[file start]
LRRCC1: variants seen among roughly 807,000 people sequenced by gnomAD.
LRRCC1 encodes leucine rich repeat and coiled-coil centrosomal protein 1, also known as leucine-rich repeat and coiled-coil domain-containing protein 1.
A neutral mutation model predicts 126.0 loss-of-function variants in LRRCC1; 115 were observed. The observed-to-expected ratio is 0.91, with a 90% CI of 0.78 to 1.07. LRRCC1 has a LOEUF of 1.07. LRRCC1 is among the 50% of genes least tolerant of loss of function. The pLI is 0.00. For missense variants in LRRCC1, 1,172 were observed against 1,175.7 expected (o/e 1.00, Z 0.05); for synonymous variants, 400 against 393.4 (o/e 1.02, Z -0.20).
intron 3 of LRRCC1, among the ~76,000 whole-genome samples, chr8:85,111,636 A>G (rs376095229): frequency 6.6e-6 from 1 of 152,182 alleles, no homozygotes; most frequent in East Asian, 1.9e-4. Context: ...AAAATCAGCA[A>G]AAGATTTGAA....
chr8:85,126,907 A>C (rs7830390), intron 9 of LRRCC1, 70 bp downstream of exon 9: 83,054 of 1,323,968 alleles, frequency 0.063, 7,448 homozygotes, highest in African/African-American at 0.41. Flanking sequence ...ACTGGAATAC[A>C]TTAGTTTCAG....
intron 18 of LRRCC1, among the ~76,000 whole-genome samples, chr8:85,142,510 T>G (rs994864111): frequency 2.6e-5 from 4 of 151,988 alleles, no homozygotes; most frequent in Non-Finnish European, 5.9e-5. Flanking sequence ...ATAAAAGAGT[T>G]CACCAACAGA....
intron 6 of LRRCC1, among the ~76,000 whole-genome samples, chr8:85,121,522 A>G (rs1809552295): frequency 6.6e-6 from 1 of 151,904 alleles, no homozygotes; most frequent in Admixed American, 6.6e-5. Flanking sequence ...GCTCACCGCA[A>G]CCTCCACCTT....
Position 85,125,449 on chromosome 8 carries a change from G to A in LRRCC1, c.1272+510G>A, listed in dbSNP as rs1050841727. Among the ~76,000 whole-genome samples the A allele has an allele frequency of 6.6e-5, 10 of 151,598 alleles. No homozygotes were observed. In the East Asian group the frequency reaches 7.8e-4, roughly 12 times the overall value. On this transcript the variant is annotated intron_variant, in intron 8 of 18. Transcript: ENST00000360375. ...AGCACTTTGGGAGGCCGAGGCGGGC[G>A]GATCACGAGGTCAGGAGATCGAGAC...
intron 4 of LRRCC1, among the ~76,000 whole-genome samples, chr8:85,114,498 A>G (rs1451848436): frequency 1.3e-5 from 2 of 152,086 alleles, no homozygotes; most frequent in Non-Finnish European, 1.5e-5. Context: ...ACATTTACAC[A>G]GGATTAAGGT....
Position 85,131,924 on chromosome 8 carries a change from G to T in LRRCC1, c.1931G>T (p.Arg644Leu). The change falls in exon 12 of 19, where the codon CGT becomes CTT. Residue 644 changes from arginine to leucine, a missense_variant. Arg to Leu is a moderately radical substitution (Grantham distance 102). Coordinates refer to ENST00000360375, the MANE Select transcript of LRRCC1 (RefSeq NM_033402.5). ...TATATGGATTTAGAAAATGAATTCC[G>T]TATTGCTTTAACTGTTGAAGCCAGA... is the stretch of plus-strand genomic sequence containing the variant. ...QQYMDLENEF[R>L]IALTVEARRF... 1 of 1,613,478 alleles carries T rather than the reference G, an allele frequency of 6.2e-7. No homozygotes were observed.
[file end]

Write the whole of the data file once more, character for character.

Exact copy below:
LRRCC1: variants seen among roughly 807,000 people sequenced by gnomAD.
LRRCC1 encodes leucine rich repeat and coiled-coil centrosomal protein 1, also known as leucine-rich repeat and coiled-coil domain-containing protein 1.
A neutral mutation model predicts 126.0 loss-of-function variants in LRRCC1; 115 were observed. The observed-to-expected ratio is 0.91, with a 90% CI of 0.78 to 1.07. LRRCC1 has a LOEUF of 1.07. LRRCC1 is among the 50% of genes least tolerant of loss of function. The pLI is 0.00. For missense variants in LRRCC1, 1,172 were observed against 1,175.7 expected (o/e 1.00, Z 0.05); for synonymous variants, 400 against 393.4 (o/e 1.02, Z -0.20).
intron 3 of LRRCC1, among the ~76,000 whole-genome samples, chr8:85,111,636 A>G (rs376095229): frequency 6.6e-6 from 1 of 152,182 alleles, no homozygotes; most frequent in East Asian, 1.9e-4. Context: ...AAAATCAGCA[A>G]AAGATTTGAA....
chr8:85,126,907 A>C (rs7830390), intron 9 of LRRCC1, 70 bp downstream of exon 9: 83,054 of 1,323,968 alleles, frequency 0.063, 7,448 homozygotes, highest in African/African-American at 0.41. Flanking sequence ...ACTGGAATAC[A>C]TTAGTTTCAG....
intron 18 of LRRCC1, among the ~76,000 whole-genome samples, chr8:85,142,510 T>G (rs994864111): frequency 2.6e-5 from 4 of 151,988 alleles, no homozygotes; most frequent in Non-Finnish European, 5.9e-5. Flanking sequence ...ATAAAAGAGT[T>G]CACCAACAGA....
intron 6 of LRRCC1, among the ~76,000 whole-genome samples, chr8:85,121,522 A>G (rs1809552295): frequency 6.6e-6 from 1 of 151,904 alleles, no homozygotes; most frequent in Admixed American, 6.6e-5. Flanking sequence ...GCTCACCGCA[A>G]CCTCCACCTT....
Position 85,125,449 on chromosome 8 carries a change from G to A in LRRCC1, c.1272+510G>A, listed in dbSNP as rs1050841727. Among the ~76,000 whole-genome samples the A allele has an allele frequency of 6.6e-5, 10 of 151,598 alleles. No homozygotes were observed. In the East Asian group the frequency reaches 7.8e-4, roughly 12 times the overall value. On this transcript the variant is annotated intron_variant, in intron 8 of 18. Transcript: ENST00000360375. ...AGCACTTTGGGAGGCCGAGGCGGGC[G>A]GATCACGAGGTCAGGAGATCGAGAC...
intron 4 of LRRCC1, among the ~76,000 whole-genome samples, chr8:85,114,498 A>G (rs1451848436): frequency 1.3e-5 from 2 of 152,086 alleles, no homozygotes; most frequent in Non-Finnish European, 1.5e-5. Context: ...ACATTTACAC[A>G]GGATTAAGGT....
Position 85,131,924 on chromosome 8 carries a change from G to T in LRRCC1, c.1931G>T (p.Arg644Leu). The change falls in exon 12 of 19, where the codon CGT becomes CTT. Residue 644 changes from arginine to leucine, a missense_variant. Arg to Leu is a moderately radical substitution (Grantham distance 102). Coordinates refer to ENST00000360375, the MANE Select transcript of LRRCC1 (RefSeq NM_033402.5). ...TATATGGATTTAGAAAATGAATTCC[G>T]TATTGCTTTAACTGTTGAAGCCAGA... is the stretch of plus-strand genomic sequence containing the variant. ...QQYMDLENEF[R>L]IALTVEARRF... 1 of 1,613,478 alleles carries T rather than the reference G, an allele frequency of 6.2e-7. No homozygotes were observed.